Dear elites: Did you learn your lesson?
Populism: The "overnight" problem 40 years in the making
ANAND GIRIDHARADAS: One of the things that happened in recent years was that as globalization – which is kind of a catch-all term for what was happening in terms of increased economic interdependence, growing trade, technology, technological penetration of many industries and automation and all those things – and everything the internet did was that because all of those things integration of the world, countries coming closer together, technology, the internet. Because all those things have a nice ring to them, a kind of moral glow, the people who were ardent champions of globalization always spoke of globalization as though it were not just an ideology or a process but kind of truth and light. And that anybody who along the way whether in the steel towns of eastern Ohio or in large swathes of this country where this kind of revolution actually meant much choppier employment and precarious wages. Or in large swathes of the world where the increasing pace of life meant that yes, you might make a lot of money, but then industries would kind of vanish as fast as they came.
Anybody complaining about what globalization was doing to them was richsplained by these defenders of globalization that you're being provincial. What, do you not like the coming together of nations? Are you against the peoples of the world connecting? Are you against technology and the empowerment? You don't want people to be empowered? And there was this way in which anybody who was raising alarm bells over the 30-40 year period that I'm talking about here was cast as being narrow-minded, provincial and small-hearted. And I think that is one of the reasons our antennae in the elite citadels of American life failed to detect so many incoming transmissions about the modern world actually not working for most people. And perhaps failed to detect some of the shift that led on the left to Bernie Sanders winning as much as he did despite all the obstacles for him as a candidate. And Donald Trump successfully winning because I think we didn't really understand how much people meant it when they were telling us all along that the New World wasn't working for them and it didn't matter how morally superior the high tech interdependent world, you know, it didn't appear how much, how people thought it was.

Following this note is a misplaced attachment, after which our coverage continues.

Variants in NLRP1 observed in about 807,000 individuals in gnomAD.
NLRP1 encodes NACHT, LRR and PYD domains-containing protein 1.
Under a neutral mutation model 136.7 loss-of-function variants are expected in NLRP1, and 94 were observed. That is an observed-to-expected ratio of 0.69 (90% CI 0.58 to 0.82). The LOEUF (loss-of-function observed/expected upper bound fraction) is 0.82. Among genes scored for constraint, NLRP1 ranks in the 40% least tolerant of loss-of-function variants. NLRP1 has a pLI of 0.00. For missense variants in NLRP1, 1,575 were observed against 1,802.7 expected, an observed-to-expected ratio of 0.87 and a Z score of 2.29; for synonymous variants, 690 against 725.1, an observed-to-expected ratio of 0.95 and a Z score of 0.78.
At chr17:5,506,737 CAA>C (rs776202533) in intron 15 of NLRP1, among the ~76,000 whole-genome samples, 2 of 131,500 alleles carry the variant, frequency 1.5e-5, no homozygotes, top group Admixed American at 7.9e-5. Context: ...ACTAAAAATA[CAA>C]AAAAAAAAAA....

- A globalized, interconnected world doesn't necessarily work for everyone... especially on the rural (and hyper-local) levels.
- While many got massively rich from technology and globalized trade it left many feeling locked out.
- Anand focuses on the rise of Trump and the huge popularity of Bernie Sanders to highlight the fact that the majority aren't satisfied with the current state of capitalism.
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Whether or not there are tropical islands in 50 years might depend on whether or not we can eat fewer hamburgers.
- Results from recent research suggest we have roughly 12 years to keep global warming to 1.5 degrees Celsius. If we can't, then the amount of greenhouse gases released to the atmosphere will have compounding feedback loops that progressively warm the planet up further.
- One of the biggest culprits in warming the planet is the production of beef and sheep meat.
- Anybody could help prevent climate change by consuming less beef and sheep, or by cutting them out entirely.
For the first time since the Vikings sailed, the Icelandic public will soon be able to worship classical Norse gods like Odin, Thor, and Frigg at a public temple built in their honor.
For the first time since the Vikings sailed, the Icelandic public are worshiping classical Norse gods like Odin, Thor, and Frigg at a public temple built in their honor. "The worship of Odin, Thor, Freya and the other gods of the old Norse pantheon became an officially recognized religion exactly 973 years after Iceland’s official conversion to Christianity."
"Didn't you see me Googling 'baby not moving?'" Gillian Brockell wrote a heartbreaking open letter to big tech companies imploring them to change the ways they target ads to users.
- Advertisers are increasingly using hyper-specific information on users, collected by big tech companies, to sell products.
- An open letter published Tuesday outlines how this kind of ad targeting can be not only creepy, but also inadvertently cruel and distressing.
- Also on Tuesday, the House questioned Google's CEO, partly on issues related to data privacy.
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